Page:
5.4.12. Responsibility for the facts assessed above, lies certainly with the Commissioner concerned, either because of non-intervention in a situation known to be highly unsatisfactory, or because of a failure to make inquiries about the true situation in a file which, from the outset, (see above para. 3) should have been followed up with special care. But, of course, such responsibility also has to be borne by the heads of DG XXII and the officials responsible for contacts with the Leonardo/Agenor TAO and the supervision and implementation of the programme. All of them hid behind formal arrangements, understating established findings and/or showing an extraordinary degree of indifference.

| Go to top of page |

5.5. Further Proceedings in the Commission

5.5.1. In an internal note from UCLAF dated 18 September 1998, a summary is given of sixteen cases of possible breaches of criminal law, of four cases of possible contractual and administrative breaches and two cases of possible internal disciplinary violations. Against the background of this record, which is based on DG XX's internal draft audit report on the Leonardo/Agenor TAO dated 20 July 1998, it was suggested that:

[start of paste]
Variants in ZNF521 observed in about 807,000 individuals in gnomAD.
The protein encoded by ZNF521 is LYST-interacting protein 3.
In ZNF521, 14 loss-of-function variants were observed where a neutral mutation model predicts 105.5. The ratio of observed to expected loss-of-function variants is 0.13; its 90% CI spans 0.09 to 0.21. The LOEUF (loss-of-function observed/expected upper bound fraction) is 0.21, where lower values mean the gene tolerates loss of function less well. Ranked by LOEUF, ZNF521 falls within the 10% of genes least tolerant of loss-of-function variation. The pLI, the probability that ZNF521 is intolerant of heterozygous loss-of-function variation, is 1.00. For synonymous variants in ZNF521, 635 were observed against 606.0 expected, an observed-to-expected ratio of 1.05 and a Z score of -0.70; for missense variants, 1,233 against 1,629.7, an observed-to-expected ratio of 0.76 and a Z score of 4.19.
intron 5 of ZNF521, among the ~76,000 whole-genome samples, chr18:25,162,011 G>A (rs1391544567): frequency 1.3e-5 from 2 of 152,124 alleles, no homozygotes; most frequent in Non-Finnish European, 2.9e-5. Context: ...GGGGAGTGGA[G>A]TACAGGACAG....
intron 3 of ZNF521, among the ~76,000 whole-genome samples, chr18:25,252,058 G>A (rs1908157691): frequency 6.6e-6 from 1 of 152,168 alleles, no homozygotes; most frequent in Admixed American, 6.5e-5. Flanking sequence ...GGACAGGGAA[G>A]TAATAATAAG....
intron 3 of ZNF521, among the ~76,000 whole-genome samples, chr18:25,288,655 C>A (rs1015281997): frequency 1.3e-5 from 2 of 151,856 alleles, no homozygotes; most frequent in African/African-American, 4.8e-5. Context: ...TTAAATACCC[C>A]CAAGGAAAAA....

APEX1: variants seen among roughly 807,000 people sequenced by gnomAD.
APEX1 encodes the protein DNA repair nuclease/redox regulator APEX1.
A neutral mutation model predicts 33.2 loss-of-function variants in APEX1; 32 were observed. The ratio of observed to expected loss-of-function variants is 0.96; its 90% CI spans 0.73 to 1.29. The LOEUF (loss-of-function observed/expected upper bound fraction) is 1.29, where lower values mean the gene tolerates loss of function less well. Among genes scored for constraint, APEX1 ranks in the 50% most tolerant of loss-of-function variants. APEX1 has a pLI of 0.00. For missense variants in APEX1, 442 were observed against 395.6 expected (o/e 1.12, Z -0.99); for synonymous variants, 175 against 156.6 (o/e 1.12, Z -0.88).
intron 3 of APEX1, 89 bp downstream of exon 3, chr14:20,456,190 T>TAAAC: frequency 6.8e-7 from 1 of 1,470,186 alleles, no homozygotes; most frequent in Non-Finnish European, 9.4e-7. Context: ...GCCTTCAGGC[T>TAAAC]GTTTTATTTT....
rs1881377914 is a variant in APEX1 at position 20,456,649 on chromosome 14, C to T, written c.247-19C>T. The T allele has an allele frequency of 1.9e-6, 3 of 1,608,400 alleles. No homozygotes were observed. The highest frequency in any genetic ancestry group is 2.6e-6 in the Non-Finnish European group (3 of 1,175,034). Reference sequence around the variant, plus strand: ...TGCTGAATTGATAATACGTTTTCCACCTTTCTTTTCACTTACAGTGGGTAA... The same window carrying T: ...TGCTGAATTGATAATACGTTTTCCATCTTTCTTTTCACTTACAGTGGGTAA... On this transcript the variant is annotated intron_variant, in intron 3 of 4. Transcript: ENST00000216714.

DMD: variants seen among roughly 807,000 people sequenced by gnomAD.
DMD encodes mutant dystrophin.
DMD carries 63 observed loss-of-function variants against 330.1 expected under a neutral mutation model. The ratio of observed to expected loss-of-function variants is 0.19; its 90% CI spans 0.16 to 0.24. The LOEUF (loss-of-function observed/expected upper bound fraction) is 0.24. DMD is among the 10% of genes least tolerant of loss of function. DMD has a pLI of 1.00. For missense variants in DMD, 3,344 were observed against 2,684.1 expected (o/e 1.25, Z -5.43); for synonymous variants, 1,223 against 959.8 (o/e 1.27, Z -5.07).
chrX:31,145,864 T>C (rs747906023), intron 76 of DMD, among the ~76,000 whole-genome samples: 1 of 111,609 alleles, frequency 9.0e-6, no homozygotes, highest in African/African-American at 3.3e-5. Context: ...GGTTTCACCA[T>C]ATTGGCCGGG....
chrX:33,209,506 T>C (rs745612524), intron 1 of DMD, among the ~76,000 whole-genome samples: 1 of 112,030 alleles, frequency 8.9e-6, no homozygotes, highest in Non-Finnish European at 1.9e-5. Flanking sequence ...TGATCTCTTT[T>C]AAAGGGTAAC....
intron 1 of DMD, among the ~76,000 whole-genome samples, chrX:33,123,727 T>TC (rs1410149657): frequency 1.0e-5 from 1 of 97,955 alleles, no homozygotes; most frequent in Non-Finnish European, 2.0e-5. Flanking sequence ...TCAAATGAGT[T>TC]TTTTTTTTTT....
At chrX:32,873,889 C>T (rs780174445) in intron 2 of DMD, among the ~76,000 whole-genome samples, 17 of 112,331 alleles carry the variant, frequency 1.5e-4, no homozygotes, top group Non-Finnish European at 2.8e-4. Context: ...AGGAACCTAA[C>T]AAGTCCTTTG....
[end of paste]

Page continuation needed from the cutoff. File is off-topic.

'a letter should be prepared to the Public Prosecutor in Brussels requesting a criminal investigation with reference to Article 209A of the EU Treaty. This letter should contain a copy of DG XX's final audit report as well as a non-exhaustive listing of points, which according to the Commission would be actions of fraud and violations of the Belgian criminal legislation. However, the non-exhaustive list should only contain examples of fraud, which can immediately be proved by evidential documentation. The purpose of the list is to convince the Belgian judicial authorities of the necessity to start the police investigation. It should therefore .... only contain the most obvious cases of fraud. Administrative actions should also be conducted vis à vis the company Agenor as indicated in the draft audit report. Finally, with regard to the internal personal aspect in the Commission it should be considered to involve the DG IX to complete an administrative investigation which will determine any possible disciplinary sanctions and/or penal actions against responsible employees in the DG XXII.